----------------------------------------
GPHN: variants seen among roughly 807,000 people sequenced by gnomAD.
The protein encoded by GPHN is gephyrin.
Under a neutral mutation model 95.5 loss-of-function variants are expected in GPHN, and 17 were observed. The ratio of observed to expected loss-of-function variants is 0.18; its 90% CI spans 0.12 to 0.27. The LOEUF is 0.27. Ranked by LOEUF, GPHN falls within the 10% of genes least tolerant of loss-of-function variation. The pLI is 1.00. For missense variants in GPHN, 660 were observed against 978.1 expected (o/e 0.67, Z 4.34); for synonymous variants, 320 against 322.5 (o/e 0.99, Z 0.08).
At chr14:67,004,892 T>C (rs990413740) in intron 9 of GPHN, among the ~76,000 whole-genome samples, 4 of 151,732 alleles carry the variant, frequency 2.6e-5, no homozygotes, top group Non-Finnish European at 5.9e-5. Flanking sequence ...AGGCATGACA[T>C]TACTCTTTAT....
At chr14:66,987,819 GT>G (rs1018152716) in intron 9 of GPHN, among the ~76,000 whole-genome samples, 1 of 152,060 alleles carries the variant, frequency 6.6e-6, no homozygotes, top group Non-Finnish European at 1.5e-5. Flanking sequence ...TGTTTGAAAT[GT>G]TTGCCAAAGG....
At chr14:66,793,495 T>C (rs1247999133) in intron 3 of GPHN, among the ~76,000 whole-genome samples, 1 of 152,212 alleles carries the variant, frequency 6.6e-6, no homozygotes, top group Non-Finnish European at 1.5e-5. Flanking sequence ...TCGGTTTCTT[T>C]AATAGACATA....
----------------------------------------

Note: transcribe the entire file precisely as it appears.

GPHN: variants seen among roughly 807,000 people sequenced by gnomAD.
The protein encoded by GPHN is gephyrin.
Under a neutral mutation model 95.5 loss-of-function variants are expected in GPHN, and 17 were observed. The ratio of observed to expected loss-of-function variants is 0.18; its 90% CI spans 0.12 to 0.27. The LOEUF is 0.27. Ranked by LOEUF, GPHN falls within the 10% of genes least tolerant of loss-of-function variation. The pLI is 1.00. For missense variants in GPHN, 660 were observed against 978.1 expected (o/e 0.67, Z 4.34); for synonymous variants, 320 against 322.5 (o/e 0.99, Z 0.08).
At chr14:67,004,892 T>C (rs990413740) in intron 9 of GPHN, among the ~76,000 whole-genome samples, 4 of 151,732 alleles carry the variant, frequency 2.6e-5, no homozygotes, top group Non-Finnish European at 5.9e-5. Flanking sequence ...AGGCATGACA[T>C]TACTCTTTAT....
At chr14:66,987,819 GT>G (rs1018152716) in intron 9 of GPHN, among the ~76,000 whole-genome samples, 1 of 152,060 alleles carries the variant, frequency 6.6e-6, no homozygotes, top group Non-Finnish European at 1.5e-5. Flanking sequence ...TGTTTGAAAT[GT>G]TTGCCAAAGG....
At chr14:66,793,495 T>C (rs1247999133) in intron 3 of GPHN, among the ~76,000 whole-genome samples, 1 of 152,212 alleles carries the variant, frequency 6.6e-6, no homozygotes, top group Non-Finnish European at 1.5e-5. Flanking sequence ...TCGGTTTCTT[T>C]AATAGACATA....